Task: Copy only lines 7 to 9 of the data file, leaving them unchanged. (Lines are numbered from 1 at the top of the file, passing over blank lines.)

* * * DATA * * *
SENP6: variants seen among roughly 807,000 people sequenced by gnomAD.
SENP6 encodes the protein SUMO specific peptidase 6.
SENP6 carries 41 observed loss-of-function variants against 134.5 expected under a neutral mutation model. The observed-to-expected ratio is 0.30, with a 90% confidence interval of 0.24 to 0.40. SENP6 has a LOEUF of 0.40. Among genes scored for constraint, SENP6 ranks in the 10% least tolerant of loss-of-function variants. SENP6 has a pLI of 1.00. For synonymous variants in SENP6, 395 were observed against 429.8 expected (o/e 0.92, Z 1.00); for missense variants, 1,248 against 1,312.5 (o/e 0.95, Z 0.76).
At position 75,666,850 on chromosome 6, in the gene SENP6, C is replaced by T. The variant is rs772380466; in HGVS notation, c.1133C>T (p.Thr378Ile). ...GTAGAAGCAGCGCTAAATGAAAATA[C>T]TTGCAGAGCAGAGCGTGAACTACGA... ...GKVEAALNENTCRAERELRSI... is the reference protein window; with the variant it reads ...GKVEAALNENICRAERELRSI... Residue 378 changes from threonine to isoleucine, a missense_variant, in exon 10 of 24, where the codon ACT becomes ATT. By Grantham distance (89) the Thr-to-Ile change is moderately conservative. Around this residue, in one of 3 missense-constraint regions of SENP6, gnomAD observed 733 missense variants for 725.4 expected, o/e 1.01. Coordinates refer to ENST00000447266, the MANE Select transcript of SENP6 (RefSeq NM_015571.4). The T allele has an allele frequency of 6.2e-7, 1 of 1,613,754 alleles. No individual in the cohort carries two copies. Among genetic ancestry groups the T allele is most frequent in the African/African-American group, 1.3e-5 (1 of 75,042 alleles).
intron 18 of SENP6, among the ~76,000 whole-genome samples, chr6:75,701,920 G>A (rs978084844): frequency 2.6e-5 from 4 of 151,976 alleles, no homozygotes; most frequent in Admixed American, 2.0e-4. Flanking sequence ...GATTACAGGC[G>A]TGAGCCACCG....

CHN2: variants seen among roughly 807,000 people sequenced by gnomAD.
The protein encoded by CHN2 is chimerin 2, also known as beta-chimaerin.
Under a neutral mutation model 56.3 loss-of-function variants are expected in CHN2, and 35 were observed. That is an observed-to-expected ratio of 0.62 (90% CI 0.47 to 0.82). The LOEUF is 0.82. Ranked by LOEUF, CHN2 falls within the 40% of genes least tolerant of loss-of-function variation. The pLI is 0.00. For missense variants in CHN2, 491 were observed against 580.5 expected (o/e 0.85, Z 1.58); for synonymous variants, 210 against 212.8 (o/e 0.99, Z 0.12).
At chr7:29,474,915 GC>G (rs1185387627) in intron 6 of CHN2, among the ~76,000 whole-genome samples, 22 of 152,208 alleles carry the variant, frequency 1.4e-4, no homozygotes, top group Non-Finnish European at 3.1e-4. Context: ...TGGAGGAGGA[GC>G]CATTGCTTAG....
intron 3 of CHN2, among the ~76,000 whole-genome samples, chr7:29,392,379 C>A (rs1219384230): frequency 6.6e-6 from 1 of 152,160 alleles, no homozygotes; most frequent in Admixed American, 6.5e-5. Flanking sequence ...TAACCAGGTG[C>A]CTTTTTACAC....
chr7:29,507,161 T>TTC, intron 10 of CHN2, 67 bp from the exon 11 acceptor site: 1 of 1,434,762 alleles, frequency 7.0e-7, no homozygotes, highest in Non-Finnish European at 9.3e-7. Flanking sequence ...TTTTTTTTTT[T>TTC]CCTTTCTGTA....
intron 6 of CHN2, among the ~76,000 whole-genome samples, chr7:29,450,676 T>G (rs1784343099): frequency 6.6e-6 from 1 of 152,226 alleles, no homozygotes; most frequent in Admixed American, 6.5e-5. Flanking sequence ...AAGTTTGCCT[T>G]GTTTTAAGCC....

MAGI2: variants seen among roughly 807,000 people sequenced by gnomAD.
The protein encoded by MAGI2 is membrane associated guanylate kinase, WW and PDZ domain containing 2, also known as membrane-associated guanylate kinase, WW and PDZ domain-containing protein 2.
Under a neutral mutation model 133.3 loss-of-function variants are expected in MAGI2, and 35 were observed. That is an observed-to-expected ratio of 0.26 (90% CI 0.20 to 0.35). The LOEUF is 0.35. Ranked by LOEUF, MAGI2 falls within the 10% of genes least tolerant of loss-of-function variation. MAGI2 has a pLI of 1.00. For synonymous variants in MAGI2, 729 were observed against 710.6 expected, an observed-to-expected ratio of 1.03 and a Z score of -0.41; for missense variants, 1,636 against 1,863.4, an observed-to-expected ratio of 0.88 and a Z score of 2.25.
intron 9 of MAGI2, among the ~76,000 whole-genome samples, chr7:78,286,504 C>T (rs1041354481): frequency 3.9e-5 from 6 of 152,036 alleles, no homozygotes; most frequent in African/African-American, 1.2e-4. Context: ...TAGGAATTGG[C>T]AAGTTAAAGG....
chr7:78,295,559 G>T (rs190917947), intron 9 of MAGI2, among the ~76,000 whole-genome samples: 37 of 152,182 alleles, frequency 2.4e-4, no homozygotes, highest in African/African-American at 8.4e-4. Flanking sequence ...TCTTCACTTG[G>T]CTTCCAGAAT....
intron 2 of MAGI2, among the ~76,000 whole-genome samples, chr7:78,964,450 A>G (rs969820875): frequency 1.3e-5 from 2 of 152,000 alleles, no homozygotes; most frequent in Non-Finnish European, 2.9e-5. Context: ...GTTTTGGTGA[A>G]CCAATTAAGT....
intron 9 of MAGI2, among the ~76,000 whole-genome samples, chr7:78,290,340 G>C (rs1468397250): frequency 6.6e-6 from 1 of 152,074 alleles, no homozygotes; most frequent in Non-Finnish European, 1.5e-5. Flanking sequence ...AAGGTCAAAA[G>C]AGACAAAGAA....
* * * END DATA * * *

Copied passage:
The protein encoded by CHN2 is chimerin 2, also known as beta-chimaerin.
Under a neutral mutation model 56.3 loss-of-function variants are expected in CHN2, and 35 were observed. That is an observed-to-expected ratio of 0.62 (90% CI 0.47 to 0.82). The LOEUF is 0.82. Ranked by LOEUF, CHN2 falls within the 40% of genes least tolerant of loss-of-function variation. The pLI is 0.00. For missense variants in CHN2, 491 were observed against 580.5 expected (o/e 0.85, Z 1.58); for synonymous variants, 210 against 212.8 (o/e 0.99, Z 0.12).
At chr7:29,474,915 GC>G (rs1185387627) in intron 6 of CHN2, among the ~76,000 whole-genome samples, 22 of 152,208 alleles carry the variant, frequency 1.4e-4, no homozygotes, top group Non-Finnish European at 3.1e-4. Context: ...TGGAGGAGGA[GC>G]CATTGCTTAG....